Josh Bruce

Overview

I'm a PhD candidate in sociology with concentrations in economic sociology and organization theory. Substantively, my research focuses on the consequences of employment dynamics for both workers and the organizations they interact with. Looking at individuals, I am especially interested in how different patterns of work experience influence employment outcomes, such as salary and managerial promotion. Turning to organizations, I examine how personnel expertise and capabilities affect technological innovation.

To address these research topics, I mostly rely on large datasets, such as US patent records and administrative data on federal government employees. I employ both conventional econometrics and newly developed computational and causal inference methods to study these phenomena.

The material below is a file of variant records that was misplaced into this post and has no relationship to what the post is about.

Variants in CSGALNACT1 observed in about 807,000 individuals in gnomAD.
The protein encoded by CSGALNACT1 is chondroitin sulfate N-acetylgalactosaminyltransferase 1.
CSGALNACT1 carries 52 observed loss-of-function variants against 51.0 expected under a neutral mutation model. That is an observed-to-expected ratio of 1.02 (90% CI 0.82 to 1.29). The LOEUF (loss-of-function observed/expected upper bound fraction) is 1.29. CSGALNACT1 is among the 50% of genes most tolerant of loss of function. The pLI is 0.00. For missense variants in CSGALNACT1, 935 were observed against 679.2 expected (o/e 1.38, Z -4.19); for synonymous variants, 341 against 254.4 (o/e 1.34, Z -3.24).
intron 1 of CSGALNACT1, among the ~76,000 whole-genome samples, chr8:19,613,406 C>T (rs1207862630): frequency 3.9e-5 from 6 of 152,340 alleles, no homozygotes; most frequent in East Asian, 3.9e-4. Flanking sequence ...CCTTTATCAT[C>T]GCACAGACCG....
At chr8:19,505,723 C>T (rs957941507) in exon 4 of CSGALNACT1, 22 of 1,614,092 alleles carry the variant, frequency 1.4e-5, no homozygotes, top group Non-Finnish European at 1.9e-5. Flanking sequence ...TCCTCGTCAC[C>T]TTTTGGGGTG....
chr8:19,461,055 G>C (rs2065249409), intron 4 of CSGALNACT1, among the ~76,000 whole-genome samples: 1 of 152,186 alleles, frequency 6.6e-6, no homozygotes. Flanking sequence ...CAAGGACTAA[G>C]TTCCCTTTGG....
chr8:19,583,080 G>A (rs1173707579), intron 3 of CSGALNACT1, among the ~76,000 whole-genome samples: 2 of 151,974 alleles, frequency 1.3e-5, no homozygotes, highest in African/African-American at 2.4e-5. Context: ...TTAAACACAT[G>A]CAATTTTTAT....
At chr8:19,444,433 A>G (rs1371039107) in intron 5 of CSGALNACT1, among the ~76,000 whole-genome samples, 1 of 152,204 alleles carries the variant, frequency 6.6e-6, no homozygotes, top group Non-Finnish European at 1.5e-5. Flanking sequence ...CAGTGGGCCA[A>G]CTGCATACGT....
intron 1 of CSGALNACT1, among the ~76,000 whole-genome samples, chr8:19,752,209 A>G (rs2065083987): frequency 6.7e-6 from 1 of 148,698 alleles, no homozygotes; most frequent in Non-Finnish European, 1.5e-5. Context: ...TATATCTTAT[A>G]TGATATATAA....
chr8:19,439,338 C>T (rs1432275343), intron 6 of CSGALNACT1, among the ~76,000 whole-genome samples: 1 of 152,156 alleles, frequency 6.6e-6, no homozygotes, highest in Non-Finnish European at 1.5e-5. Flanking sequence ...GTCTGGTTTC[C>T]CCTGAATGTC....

In addition to my normal graduate student responsibilities, I am also a Project Manager at Duke's Social Science Research Institute, where I take care of administrative issues for the Human Capital and Career Dynamics project.

Bruce, JR. "Getting Ahead by Staying Put? Specialization and Social Capital in U.S. Civil Service Careers." Academy of Management Proceedings 2018.1 (July 2018): 14515-14515. Full Text

Bruce, JR, de Figueiredo, JM, and Silverman, BS. "Public Contracting for Private Innovation: Government Expertise, Decision Rights, and Performance Outcomes." Duke Law School Public Law & Legal Theory Series 2018 (June 1, 2018).

DeFigueiredo, J, Bruce, J, and Silverman, B. "Public Contracting for Private Innovation: Government Expertise, Decision Rights, and Performance Outcomes." National Bureau of Economic Research Working Paper No. 24724 (2018).